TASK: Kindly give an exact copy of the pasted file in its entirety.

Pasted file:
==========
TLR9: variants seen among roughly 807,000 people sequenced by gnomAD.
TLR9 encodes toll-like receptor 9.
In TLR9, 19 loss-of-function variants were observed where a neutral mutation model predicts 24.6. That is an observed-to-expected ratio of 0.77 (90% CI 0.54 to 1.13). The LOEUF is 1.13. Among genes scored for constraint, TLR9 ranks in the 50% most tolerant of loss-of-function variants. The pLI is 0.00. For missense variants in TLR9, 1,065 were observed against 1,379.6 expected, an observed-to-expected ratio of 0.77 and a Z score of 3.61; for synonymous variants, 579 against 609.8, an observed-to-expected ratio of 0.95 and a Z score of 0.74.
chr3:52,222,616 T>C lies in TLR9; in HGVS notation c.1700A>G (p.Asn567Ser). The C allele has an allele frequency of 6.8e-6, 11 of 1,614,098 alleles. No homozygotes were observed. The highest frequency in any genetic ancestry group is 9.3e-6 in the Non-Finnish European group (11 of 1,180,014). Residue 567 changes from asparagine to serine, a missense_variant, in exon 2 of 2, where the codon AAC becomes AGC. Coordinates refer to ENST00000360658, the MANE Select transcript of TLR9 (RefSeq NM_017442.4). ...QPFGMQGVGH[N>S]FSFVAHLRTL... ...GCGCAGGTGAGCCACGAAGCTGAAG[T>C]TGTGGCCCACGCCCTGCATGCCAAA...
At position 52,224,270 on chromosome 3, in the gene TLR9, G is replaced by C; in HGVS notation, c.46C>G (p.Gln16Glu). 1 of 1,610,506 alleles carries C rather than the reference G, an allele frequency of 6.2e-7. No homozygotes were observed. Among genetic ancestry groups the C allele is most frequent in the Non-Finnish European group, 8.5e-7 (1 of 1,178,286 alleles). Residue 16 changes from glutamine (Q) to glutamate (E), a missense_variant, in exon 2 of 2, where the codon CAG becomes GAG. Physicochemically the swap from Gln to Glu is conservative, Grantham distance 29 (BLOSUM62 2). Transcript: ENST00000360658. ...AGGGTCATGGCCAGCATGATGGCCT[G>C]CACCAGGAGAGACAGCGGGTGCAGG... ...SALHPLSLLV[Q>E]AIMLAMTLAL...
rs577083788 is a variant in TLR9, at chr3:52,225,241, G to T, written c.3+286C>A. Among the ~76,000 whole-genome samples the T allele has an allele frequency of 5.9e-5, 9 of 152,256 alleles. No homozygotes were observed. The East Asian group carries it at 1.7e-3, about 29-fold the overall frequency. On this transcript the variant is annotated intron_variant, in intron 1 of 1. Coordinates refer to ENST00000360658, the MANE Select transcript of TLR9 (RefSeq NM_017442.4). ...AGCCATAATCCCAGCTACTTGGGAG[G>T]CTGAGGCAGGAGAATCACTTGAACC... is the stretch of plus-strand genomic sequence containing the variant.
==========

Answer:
TLR9: variants seen among roughly 807,000 people sequenced by gnomAD.
TLR9 encodes toll-like receptor 9.
In TLR9, 19 loss-of-function variants were observed where a neutral mutation model predicts 24.6. That is an observed-to-expected ratio of 0.77 (90% CI 0.54 to 1.13). The LOEUF is 1.13. Among genes scored for constraint, TLR9 ranks in the 50% most tolerant of loss-of-function variants. The pLI is 0.00. For missense variants in TLR9, 1,065 were observed against 1,379.6 expected, an observed-to-expected ratio of 0.77 and a Z score of 3.61; for synonymous variants, 579 against 609.8, an observed-to-expected ratio of 0.95 and a Z score of 0.74.
chr3:52,222,616 T>C lies in TLR9; in HGVS notation c.1700A>G (p.Asn567Ser). The C allele has an allele frequency of 6.8e-6, 11 of 1,614,098 alleles. No homozygotes were observed. The highest frequency in any genetic ancestry group is 9.3e-6 in the Non-Finnish European group (11 of 1,180,014). Residue 567 changes from asparagine to serine, a missense_variant, in exon 2 of 2, where the codon AAC becomes AGC. Coordinates refer to ENST00000360658, the MANE Select transcript of TLR9 (RefSeq NM_017442.4). ...QPFGMQGVGH[N>S]FSFVAHLRTL... ...GCGCAGGTGAGCCACGAAGCTGAAG[T>C]TGTGGCCCACGCCCTGCATGCCAAA...
At position 52,224,270 on chromosome 3, in the gene TLR9, G is replaced by C; in HGVS notation, c.46C>G (p.Gln16Glu). 1 of 1,610,506 alleles carries C rather than the reference G, an allele frequency of 6.2e-7. No homozygotes were observed. Among genetic ancestry groups the C allele is most frequent in the Non-Finnish European group, 8.5e-7 (1 of 1,178,286 alleles). Residue 16 changes from glutamine (Q) to glutamate (E), a missense_variant, in exon 2 of 2, where the codon CAG becomes GAG. Physicochemically the swap from Gln to Glu is conservative, Grantham distance 29 (BLOSUM62 2). Transcript: ENST00000360658. ...AGGGTCATGGCCAGCATGATGGCCT[G>C]CACCAGGAGAGACAGCGGGTGCAGG... ...SALHPLSLLV[Q>E]AIMLAMTLAL...
rs577083788 is a variant in TLR9, at chr3:52,225,241, G to T, written c.3+286C>A. Among the ~76,000 whole-genome samples the T allele has an allele frequency of 5.9e-5, 9 of 152,256 alleles. No homozygotes were observed. The East Asian group carries it at 1.7e-3, about 29-fold the overall frequency. On this transcript the variant is annotated intron_variant, in intron 1 of 1. Coordinates refer to ENST00000360658, the MANE Select transcript of TLR9 (RefSeq NM_017442.4). ...AGCCATAATCCCAGCTACTTGGGAG[G>T]CTGAGGCAGGAGAATCACTTGAACC... is the stretch of plus-strand genomic sequence containing the variant.